Model of Hysteresis and Magnetoelectric Effect for a Voltage-controllable Inductor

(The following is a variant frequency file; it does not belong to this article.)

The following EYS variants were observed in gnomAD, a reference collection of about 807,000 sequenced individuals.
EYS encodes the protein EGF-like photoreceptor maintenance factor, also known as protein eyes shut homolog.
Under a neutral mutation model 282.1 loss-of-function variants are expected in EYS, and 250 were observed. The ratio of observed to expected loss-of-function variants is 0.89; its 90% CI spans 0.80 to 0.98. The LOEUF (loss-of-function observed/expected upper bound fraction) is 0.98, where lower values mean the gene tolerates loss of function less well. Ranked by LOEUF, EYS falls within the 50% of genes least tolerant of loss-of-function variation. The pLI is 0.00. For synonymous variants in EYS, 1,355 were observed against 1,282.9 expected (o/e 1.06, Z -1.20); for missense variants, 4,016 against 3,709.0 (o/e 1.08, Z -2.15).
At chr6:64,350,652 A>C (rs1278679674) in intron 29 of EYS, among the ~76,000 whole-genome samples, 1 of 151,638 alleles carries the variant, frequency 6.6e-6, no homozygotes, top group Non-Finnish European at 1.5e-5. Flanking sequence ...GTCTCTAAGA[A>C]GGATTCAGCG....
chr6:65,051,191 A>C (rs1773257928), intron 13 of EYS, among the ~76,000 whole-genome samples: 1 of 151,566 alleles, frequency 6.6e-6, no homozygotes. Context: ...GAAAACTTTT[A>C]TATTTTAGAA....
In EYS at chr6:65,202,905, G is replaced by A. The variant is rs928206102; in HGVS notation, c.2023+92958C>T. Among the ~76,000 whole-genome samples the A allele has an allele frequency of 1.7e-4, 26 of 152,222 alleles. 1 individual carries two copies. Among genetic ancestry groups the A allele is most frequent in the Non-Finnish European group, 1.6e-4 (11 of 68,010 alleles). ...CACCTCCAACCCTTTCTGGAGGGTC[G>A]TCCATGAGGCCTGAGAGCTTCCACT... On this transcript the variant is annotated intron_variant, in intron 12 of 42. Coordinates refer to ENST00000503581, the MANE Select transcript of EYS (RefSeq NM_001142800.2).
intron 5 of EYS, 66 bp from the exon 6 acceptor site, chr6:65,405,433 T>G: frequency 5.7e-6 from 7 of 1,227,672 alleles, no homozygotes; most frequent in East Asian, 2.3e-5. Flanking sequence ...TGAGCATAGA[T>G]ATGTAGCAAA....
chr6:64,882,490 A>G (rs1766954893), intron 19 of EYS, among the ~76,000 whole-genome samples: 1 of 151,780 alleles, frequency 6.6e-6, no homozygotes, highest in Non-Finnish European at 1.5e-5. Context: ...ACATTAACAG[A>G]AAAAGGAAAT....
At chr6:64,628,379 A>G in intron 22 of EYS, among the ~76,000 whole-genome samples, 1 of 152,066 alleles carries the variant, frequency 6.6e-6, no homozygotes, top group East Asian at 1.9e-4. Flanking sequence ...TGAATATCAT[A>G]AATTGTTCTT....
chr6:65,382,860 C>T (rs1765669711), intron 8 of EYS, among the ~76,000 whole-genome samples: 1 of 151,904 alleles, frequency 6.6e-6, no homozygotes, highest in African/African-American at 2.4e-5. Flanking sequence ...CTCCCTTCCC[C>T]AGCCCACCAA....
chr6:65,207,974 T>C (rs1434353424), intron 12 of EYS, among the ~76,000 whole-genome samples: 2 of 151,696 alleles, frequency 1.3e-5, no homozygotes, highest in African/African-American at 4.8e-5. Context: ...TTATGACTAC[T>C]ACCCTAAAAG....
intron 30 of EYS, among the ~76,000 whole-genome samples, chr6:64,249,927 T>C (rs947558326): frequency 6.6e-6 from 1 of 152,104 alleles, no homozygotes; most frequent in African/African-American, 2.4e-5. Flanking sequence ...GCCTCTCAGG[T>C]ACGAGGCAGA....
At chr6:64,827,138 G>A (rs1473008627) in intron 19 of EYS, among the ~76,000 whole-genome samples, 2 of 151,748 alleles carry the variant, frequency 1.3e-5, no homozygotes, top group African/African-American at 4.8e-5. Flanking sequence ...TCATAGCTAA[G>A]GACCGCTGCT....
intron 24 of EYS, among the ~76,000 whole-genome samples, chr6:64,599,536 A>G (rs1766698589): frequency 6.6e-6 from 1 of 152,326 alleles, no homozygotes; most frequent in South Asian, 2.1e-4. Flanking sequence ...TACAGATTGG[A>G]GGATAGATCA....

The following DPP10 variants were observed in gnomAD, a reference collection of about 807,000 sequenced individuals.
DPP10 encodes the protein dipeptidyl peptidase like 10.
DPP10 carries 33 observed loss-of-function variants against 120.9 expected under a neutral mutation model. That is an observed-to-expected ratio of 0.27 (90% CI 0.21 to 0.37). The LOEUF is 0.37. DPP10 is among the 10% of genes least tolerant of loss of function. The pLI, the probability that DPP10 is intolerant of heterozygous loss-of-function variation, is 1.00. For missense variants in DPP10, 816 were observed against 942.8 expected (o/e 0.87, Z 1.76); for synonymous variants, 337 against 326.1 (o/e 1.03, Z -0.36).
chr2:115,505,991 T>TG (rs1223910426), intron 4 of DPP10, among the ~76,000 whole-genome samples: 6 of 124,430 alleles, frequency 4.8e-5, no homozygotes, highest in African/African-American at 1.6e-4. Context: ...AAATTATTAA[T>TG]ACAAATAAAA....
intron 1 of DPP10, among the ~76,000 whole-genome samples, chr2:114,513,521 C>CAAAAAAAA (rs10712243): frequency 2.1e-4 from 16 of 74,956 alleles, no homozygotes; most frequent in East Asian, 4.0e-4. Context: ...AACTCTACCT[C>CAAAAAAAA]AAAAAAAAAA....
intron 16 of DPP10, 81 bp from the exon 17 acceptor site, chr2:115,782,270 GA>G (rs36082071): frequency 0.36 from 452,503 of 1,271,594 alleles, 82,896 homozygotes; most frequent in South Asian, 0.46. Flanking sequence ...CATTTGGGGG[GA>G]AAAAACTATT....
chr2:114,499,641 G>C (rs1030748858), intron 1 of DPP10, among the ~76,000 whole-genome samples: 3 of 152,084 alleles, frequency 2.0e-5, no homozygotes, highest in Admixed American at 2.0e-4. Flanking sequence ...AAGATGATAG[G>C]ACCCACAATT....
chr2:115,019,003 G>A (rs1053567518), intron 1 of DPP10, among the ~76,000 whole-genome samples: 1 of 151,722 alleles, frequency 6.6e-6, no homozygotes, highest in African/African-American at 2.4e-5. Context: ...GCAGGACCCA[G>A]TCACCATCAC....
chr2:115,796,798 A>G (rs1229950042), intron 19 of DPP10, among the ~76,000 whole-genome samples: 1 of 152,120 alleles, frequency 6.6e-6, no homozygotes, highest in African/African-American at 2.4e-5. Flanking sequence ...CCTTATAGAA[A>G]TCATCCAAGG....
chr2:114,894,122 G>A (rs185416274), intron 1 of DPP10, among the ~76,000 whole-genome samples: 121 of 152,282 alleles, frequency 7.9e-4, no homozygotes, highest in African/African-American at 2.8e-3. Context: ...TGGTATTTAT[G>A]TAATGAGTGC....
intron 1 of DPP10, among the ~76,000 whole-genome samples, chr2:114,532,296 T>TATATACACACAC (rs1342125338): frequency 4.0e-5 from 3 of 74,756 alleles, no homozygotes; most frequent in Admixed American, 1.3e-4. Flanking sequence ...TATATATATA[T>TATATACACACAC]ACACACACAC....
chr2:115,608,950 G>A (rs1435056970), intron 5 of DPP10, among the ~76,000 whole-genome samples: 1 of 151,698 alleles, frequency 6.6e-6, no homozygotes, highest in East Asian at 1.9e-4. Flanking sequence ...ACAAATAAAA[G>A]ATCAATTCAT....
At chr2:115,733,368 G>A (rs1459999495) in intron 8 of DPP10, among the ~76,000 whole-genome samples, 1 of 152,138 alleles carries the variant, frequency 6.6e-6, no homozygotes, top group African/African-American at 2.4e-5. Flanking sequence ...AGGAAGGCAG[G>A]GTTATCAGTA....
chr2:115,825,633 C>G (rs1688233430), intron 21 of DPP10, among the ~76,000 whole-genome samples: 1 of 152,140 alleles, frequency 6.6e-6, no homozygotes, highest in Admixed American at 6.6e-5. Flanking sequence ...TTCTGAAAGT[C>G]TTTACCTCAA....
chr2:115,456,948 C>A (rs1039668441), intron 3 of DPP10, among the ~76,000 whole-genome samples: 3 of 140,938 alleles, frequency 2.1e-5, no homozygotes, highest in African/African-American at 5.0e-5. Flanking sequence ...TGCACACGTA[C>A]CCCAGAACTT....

The voltage-controllable inductor (VCI) is one of the magnetoelectric components. Such de-vices help achieve efficient energy conversion with the coupling effect of electric and magnetic fields. By actively changing the inductance according to the feedback of the loads work condition, the VCI reduces the loss; thus, increasing the efficiency of power converters. The structure of the voltage-controllable inductor is shown in Fig. 1(a). It is comprised of two types of material: magnetostrictive material made from nick-zinc ferrite, and piezoelectric material made from lead zirconate titanate (PZT). For conventional inductors, there are only two terminals (a+ and a-), connecting with the circuit. With a VCI, there are two extra terminals (c+ and c-), connecting to a control voltage Vc, ranging from 0 V to 500 V. Fig. 1(b) shows the control mechanism. When a control voltage is applied to the control port, an electric field is generated in the inductor. This causes the piezoelectric layer to generate mechanical strain, compressing the magnetostrictive layer. With the strain, a magnetic field generated by the magnetoelectric effect, is superimposed on the original magnetic field. Thus, the in-ductance L(Vc) is controlled by the control voltage. To model the hysteresis and magnetoelectric effect of the VCI, the magnetic hysteresis loop under magnetoelectric effect is measured. The measurement method is introduced and explained for the modeling. Fig. 2 shows the experimental setup for the measurement. The modeling ap-proach and measurement error analysis are presented, based on the experimental results. Finally, this paper presents a model that considers the magnetic hysteresis and magnetoelectric effect for the voltage-controllable inductor. The new model shows good accuracy compared with the test results, as shown in Fig. 3. An equivalent SPICE model is provided for the inductor per-formance evaluation in the circuit level.